Lachlan Labere/Eagle Valley News                                Janet McLean Senft and Alice Duck discuss the proposed Bruhn Bridge replacement options, shown on the screen in an animated flyover, at the Feb. 1 open house hosted by the Ministry of Transportation at the Sicamous and District Recreation Centre.

Lachlan Labere/Eagle Valley News Janet McLean Senft and Alice Duck discuss the proposed Bruhn Bridge replacement options, shown on the screen in an animated flyover, at the Feb. 1 open house hosted by the Ministry of Transportation at the Sicamous and District Recreation Centre.

Main Street bridge won’t cost district

Province reveals new information for Bruhn Bridge replacement options

If Sicamous receives a Main Street bridge the municipality won’t be financially responsible for its upkeep.

This was one piece of new information available at a Ministry of Transportation and Infrastructure open house on the Bruhn Bridge replacement options held Thursday afternoon, Feb. 1 at the Sicamous and District Recreation Centre.

“They committed to building the bridge, the cost and retaining ownership, which means they pay for all the maintenance and any future replacement costs,” commented Sicamous councillor and acting mayor Malcolm Makayev. “I mean, the bridge has a 75-year life span but you know, re-decking is a million-and-half in a 20 year period or whatever, that all stays on the ministry’s dime… A lot of people don’t realize that, and they were worried about how much that is going or increase our taxes. Well, nothing. Zero.”

John Schlosar, who had publicly expressed his concerns regarding the Main Street bridge option prior to the open house, was also relieved by the news that future related costs wouldn’t fall on the shoulders of fellow Sicamous residents. He said he was also pleased to see the design of the Main Street bridge would end where the current Main Street landing begins, and not carry on east through the Main Street/Riverside Avenue roundabout.

“I think because it’s not going to cost us anything, which is a really good thing, it comes down to what people in the community really want for the community,” said Schlosar. “And I really think democracy is important that way. I’m not sure how they will measure that. There’s not going to be a referendum or anything because there’s no capital costs going out here now. So I hope that people consider both of these properly and you know… I’m hoping council gets good, accurate, honest feedback from people in the community so that they can evaluate that and hopefully have a reasonable stance to take on behalf of the community.”

About 186 people stopped by the rec centre to talk to ministry staff and learn what new information was available on the proposed replacement options: a five-lane bridge or a four-lane bridge with a second bridge over the channel at the west end of Main Street.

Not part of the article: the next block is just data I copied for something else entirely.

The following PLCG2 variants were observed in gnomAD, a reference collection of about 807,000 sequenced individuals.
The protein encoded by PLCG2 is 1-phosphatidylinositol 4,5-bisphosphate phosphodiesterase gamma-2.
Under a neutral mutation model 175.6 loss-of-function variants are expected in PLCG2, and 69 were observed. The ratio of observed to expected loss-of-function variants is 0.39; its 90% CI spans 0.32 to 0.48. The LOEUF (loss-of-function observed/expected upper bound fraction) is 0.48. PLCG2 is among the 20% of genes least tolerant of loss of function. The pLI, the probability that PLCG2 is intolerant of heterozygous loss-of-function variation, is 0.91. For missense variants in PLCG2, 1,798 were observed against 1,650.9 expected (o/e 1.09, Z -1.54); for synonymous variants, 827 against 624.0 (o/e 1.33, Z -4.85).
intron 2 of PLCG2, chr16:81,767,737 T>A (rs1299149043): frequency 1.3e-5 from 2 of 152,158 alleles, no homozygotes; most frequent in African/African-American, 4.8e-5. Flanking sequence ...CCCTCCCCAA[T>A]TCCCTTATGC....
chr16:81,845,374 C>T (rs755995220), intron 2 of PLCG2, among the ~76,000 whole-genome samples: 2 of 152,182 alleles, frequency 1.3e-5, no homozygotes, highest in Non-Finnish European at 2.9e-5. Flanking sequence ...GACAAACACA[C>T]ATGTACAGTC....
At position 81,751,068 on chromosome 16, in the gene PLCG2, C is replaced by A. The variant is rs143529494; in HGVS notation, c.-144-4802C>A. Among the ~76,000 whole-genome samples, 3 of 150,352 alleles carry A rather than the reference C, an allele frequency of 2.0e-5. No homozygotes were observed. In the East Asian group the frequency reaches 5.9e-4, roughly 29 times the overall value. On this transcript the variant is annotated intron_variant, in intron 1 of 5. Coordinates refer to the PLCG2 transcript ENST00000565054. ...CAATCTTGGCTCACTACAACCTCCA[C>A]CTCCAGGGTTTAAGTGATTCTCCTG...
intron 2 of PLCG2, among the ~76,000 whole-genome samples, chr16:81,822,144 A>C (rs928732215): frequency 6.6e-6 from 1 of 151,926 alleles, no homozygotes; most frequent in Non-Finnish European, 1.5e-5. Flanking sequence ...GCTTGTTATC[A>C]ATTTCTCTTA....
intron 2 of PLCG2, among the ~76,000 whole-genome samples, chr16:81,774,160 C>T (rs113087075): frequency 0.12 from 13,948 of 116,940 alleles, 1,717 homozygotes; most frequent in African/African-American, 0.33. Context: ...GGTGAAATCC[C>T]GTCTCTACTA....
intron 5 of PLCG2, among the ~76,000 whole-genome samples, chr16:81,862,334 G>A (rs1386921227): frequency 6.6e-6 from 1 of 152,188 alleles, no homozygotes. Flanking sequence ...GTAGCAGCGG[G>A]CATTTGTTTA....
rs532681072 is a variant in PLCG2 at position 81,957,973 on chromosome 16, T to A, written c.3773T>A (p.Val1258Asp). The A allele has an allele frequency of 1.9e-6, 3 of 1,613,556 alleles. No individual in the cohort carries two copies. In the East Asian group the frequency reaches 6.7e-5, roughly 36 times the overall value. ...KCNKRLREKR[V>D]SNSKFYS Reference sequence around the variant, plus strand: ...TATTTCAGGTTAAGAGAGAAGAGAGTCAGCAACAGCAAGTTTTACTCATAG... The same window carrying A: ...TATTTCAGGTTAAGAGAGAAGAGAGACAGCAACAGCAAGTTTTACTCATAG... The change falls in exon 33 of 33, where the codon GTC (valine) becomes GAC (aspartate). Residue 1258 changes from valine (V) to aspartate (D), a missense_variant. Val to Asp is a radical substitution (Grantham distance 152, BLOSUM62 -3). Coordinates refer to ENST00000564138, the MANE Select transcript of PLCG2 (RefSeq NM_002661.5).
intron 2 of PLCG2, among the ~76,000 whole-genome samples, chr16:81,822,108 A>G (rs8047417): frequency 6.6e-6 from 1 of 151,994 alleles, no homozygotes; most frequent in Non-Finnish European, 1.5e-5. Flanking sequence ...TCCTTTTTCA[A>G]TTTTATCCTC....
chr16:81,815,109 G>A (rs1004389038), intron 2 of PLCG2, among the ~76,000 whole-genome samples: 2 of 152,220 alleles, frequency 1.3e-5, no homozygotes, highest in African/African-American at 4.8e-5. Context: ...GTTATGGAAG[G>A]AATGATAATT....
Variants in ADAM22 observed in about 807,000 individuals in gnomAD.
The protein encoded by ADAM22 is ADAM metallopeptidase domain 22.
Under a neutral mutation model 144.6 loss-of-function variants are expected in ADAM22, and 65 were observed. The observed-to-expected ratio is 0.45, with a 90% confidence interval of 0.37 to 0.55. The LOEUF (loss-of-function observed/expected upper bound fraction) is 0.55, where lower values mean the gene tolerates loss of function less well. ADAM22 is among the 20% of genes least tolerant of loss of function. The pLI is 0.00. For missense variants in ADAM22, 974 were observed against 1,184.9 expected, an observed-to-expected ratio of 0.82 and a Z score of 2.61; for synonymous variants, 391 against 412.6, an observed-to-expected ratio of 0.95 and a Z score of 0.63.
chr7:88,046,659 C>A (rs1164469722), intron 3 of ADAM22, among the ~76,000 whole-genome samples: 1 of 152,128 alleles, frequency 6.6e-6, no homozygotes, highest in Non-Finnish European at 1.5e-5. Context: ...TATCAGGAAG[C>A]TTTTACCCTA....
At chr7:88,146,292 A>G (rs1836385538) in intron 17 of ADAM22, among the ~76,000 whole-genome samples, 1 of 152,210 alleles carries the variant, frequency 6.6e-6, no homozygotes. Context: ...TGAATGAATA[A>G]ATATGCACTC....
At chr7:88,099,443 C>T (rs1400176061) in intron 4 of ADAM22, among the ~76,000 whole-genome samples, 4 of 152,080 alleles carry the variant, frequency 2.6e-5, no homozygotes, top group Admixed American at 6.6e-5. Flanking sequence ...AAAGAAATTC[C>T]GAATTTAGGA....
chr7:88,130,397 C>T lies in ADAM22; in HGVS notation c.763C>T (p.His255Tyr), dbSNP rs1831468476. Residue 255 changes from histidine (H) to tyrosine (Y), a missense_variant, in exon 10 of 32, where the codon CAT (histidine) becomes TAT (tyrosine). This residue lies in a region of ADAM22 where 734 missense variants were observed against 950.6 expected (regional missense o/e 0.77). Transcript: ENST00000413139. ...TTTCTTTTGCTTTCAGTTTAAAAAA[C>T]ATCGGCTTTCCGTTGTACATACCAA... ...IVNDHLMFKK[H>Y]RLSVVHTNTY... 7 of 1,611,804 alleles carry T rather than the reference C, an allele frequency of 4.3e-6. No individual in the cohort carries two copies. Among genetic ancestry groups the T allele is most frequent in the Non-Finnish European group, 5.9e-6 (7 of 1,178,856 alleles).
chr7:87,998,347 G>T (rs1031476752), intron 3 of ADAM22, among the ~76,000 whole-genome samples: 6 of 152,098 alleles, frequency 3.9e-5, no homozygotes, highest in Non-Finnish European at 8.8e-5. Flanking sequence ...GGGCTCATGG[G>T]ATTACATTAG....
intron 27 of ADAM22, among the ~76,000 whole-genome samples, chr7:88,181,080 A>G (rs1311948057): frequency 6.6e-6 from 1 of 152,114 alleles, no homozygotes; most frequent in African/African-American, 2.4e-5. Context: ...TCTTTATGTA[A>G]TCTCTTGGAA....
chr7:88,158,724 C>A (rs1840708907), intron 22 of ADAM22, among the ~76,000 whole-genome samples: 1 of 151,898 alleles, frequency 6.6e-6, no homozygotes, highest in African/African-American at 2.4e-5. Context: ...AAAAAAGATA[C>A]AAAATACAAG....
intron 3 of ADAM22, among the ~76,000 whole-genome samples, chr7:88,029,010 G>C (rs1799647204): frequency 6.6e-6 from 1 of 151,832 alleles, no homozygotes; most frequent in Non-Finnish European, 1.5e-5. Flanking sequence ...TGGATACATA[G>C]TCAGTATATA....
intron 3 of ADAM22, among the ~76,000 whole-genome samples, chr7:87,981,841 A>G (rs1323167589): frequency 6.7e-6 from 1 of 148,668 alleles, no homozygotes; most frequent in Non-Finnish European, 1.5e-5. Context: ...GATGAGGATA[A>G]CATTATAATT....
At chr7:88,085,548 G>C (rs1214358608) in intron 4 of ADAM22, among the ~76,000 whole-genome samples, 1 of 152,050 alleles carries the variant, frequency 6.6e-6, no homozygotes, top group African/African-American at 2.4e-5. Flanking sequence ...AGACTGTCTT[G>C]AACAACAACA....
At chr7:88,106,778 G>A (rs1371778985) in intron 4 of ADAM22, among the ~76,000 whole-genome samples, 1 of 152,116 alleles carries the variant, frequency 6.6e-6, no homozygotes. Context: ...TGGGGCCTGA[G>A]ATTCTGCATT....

Jennifer Fraser, project manager for MOTI, said ministry staff had spent the last year and a bit developing a preliminary design for both bridge options, providing a clearer picture of what they will look like when constructed. A project timeline was also developed, with studies, engagement and design refinement continuing for another two years.

“Once a design option is chosen, the whole next two phases of design, where we can get to a point where we’re ready to tender, is at least a two-year process,” said Fraser. “And the actual construction is a two-to-three year process.”

Other new details revealed at the meeting included an additional option for the four-lane bridge design. One includes a new intersection along Highway 1 for Old Sicamous Road. A second eliminates the Old Sicamous Road intersection in favour of a road that would run from Old Spallumcheen Road, beneath the new Bruhn Bridge and up to Old Sicamous Road.

Fraser said both proposed replacements, the four-lane/Main Street bridge options and the five-lane bridge option, are estimated to cost $215 million. She said which option the ministry decides to go with will depend on a number of factors.

“Coming to a conclusion on the preferred option involves looking at technical, financial and community input,” said Fraser, describing the general process. “When we say community input, we mean not just residential – we really want to get that broad cross-section of what do the businesses think, what do the residents think, what do the elected officials think, what does Splatsin think, and use all of those… pieces, and weigh the pros and cons of those in order to understand what is the option that comes out on top.”

A public feedback form is available on the ministry’s website. The forms must be filled out and submitted by Feb. 18.